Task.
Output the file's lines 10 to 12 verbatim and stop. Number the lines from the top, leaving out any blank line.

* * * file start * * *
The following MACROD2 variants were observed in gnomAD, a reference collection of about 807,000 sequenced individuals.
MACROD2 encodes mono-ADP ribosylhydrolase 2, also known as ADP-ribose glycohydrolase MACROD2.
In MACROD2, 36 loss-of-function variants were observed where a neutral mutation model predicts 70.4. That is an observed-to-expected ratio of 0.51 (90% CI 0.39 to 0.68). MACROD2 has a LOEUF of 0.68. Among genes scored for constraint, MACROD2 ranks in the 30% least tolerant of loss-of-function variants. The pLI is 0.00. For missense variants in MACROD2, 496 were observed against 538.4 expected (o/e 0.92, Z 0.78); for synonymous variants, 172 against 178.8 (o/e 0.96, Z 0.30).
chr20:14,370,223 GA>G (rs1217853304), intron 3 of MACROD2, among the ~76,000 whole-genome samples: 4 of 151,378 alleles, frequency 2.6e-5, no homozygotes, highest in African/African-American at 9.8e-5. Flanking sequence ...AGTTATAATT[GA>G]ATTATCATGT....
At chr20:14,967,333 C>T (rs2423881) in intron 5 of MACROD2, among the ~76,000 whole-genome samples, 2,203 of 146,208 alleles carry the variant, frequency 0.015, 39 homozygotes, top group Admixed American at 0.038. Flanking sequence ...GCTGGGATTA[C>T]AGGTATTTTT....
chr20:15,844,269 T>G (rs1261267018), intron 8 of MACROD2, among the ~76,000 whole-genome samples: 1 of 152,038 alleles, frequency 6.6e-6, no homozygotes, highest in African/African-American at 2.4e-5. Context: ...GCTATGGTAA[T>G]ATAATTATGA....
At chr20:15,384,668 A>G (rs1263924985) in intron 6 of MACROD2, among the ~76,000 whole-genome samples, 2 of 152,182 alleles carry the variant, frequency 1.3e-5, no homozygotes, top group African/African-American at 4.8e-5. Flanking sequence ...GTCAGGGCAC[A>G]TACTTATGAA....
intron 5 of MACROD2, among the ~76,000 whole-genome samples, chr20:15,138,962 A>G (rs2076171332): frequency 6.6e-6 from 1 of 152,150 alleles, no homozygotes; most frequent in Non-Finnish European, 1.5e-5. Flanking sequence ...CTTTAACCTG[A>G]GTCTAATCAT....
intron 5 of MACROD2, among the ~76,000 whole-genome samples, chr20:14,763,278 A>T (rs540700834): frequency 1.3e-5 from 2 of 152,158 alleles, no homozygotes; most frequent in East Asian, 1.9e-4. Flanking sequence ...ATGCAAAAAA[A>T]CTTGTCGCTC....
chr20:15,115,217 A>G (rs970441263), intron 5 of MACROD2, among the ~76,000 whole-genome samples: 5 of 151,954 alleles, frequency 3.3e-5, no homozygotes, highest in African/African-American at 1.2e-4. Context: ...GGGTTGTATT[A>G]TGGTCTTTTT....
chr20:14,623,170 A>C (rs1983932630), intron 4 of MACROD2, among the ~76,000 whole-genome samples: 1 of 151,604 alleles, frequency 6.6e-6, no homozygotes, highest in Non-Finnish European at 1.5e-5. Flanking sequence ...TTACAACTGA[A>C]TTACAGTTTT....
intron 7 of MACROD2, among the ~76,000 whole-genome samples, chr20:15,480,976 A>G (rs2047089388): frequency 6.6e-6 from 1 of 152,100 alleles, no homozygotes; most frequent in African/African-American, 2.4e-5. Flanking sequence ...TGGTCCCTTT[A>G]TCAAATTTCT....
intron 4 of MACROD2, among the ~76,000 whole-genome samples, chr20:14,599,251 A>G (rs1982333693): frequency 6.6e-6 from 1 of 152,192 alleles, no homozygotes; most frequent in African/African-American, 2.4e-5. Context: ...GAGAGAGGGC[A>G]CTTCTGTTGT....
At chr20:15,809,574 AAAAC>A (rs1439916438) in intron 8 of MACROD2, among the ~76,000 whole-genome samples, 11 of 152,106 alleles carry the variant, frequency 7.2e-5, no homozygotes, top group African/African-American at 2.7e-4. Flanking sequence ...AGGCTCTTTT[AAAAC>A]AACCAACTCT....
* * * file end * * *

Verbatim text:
chr20:15,115,217 A>G (rs970441263), intron 5 of MACROD2, among the ~76,000 whole-genome samples: 5 of 151,954 alleles, frequency 3.3e-5, no homozygotes, highest in African/African-American at 1.2e-4. Context: ...GGGTTGTATT[A>G]TGGTCTTTTT....
chr20:14,623,170 A>C (rs1983932630), intron 4 of MACROD2, among the ~76,000 whole-genome samples: 1 of 151,604 alleles, frequency 6.6e-6, no homozygotes, highest in Non-Finnish European at 1.5e-5. Flanking sequence ...TTACAACTGA[A>C]TTACAGTTTT....
intron 7 of MACROD2, among the ~76,000 whole-genome samples, chr20:15,480,976 A>G (rs2047089388): frequency 6.6e-6 from 1 of 152,100 alleles, no homozygotes; most frequent in African/African-American, 2.4e-5. Flanking sequence ...TGGTCCCTTT[A>G]TCAAATTTCT....